The Manalapan Police Department has reported the following incidents which recently occurred in the community:
On Nov. 10 at 7 a.m., two Manalapan residents reported that unknown individuals smashed the windows of two vehicles that were parked at the Gordons Center shopping center, 285 Gordons Corner Road, and removed purses from the vehicles. The total value of the stolen property is estimated at $4,000. Patrolman Jeffrey Emslie handled the report.
On Nov. 12 at 7:29 p.m., a Manalapan resident reported that an unlocked vehicle was entered and a set of keys was removed while the vehicle was parked at Wawa, 146 Woodward Road. Patrolman Everett McNulty handled the report.
On Nov. 14 at 8 a.m., an employee at a construction site on Route 33 reported that six electrical rolls were stolen from the property sometime between 3:30 p.m. Nov. 11 and 8 a.m. Nov. 14. The estimated value of the stolen property was reported to be $2,070. Patrolman Michael DeCristofaro handled the report.
JAR of Hope, which raises funds to assist individuals who have Duchenne muscular dystrophy, will host a “Kickboxing Marathon” at 9 a.m. Dec. 3 at CKO Kickboxing, 536 Park Ave., Freehold Borough. There will be 26 three-minute rounds and one minute between each round.
According to a press release, more than 35 people have already signed up, each pledging to raise at least $100, and they have already raised close to $40,000 to research a cure for children who have Duchenne muscular dystrophy, which is a rare and fatal childhood disease.
Jim Raffone of Manalapan is the founder/CEO of JAR of Hope. Mike Sclafani, the owner of CKO Kickboxing Freehold, is a member of the JAR of Hope board.
“I was approached by one of our instructors, Jeff Trashane, with an idea to help raise funds for JAR of Hope,” Sclafani said. “He proposed a ‘Kickboxing Marathon’ and Jim Raffone agreed it was certainly an innovative idea.”
Jim and Karen Raffone formed JAR of Hope (https://www.jarofhope.org/) in 2013 after their 4-year-old son, James, was diagnosed with Duchenne muscular dystrophy. He is now 13 and has lost the ability to walk, according to the press release.
“Right now, Duchenne is a ticking time bomb for these kids and it’s a challenge raising funds to cure a disease most people have never heard of. But to us, that’s all the more reason to keep trying,” Raffone said.
The Glee Club from the United States Military Academy at West Point, N.Y., will make a rare New Jersey appearance on March 18 at 7:30 p.m. at the First Presbyterian Church of Freehold, 118 W. Main St., Freehold Borough.
“We are honored to have been selected once again to have the West Point Glee Club return to our church for their spring concert,” said Dr. Robert M. DiSogra, chairman of the Concert Committee at the 152-year-old church.
This will be the Glee Club’s third appearance at the church. The concert is free to the community. Early arrival is recommended. There are 500 seats in the church, according to a press release.
“We love coming to this church not only because of the wonderful outpouring of support we have had during our last two visits, but also because the acoustics are phenomenal,” said Constance Chase, music director for the Glee Club.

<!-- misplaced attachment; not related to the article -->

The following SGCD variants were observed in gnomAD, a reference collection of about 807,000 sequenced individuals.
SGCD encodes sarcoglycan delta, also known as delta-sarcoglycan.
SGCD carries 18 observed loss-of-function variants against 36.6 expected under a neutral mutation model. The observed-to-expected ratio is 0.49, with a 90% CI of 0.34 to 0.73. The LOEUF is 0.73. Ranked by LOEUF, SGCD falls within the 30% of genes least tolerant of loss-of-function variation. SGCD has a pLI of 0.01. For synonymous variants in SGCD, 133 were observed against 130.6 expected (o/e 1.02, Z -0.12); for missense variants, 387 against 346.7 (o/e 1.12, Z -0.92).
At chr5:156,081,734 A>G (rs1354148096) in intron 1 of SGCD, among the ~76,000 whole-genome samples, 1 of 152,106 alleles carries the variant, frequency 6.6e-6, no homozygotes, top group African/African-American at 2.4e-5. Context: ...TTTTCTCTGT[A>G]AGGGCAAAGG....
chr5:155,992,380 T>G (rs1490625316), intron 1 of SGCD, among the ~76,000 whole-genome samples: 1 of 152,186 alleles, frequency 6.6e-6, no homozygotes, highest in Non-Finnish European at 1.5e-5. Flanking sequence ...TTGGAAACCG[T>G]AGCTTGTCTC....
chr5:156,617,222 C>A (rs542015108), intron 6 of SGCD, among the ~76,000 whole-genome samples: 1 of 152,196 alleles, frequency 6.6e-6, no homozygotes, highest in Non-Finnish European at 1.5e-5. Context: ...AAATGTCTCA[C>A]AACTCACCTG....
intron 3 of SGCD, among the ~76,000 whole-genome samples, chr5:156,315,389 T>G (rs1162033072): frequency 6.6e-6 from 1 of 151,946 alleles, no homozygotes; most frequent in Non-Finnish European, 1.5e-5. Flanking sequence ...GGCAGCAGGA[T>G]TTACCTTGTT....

The Cadet Glee Club has its roots firmly embedded in the time-honored traditions of the United States Corps of Cadets. Secular singing has been in evidence at West Point since the academy’s founding in 1802.
Organized in 1903, the Cadet Glee Club is now a 45-voice mixed chorus whose members serve as musical ambassadors for West Point and rank among the nation’s most prestigious college choirs, according to the press release.
The Glee Club is in frequent demand for televised and live appearances nationally and
internationally. The singers are regular performers at the annual Army-Navy football game.
Upon graduation from the academy, cadets are commissioned as second lieutenants and begin their service to the nation as officers in the U.S. Army, according to the press release.
CentraState Medical Center, Freehold Township, has received approval from the New Jersey Department of Health to perform emergency angioplasty, also known as emergency PCI (percutaneous coronary intervention).
The hospital’s interventional cardiologists have already begun using the life-saving emergency procedure for heart attack victims, according to a press release.
Emergency angioplasty allows physicians to preserve heart muscle by quickly restoring normal blood flow with a minimally invasive procedure. In this procedure, a thin, flexible catheter is inserted through the wrist or groin and threaded through the arteries of the heart. A balloon is inflated to open the blocked arteries of the heart and in the majority of cases, stents are inserted, according to the press release.
The lifesaving treatment is available 24 hours a day.
“This is a major milestone for CentraState, but more importantly a tremendous benefit for the community we serve,” said Tom Scott, president and CEO of CentraState Healthcare System. “Our team has been working diligently to achieve this designation so patients who need this higher level of cardiac care can get it right here, potentially saving lives.”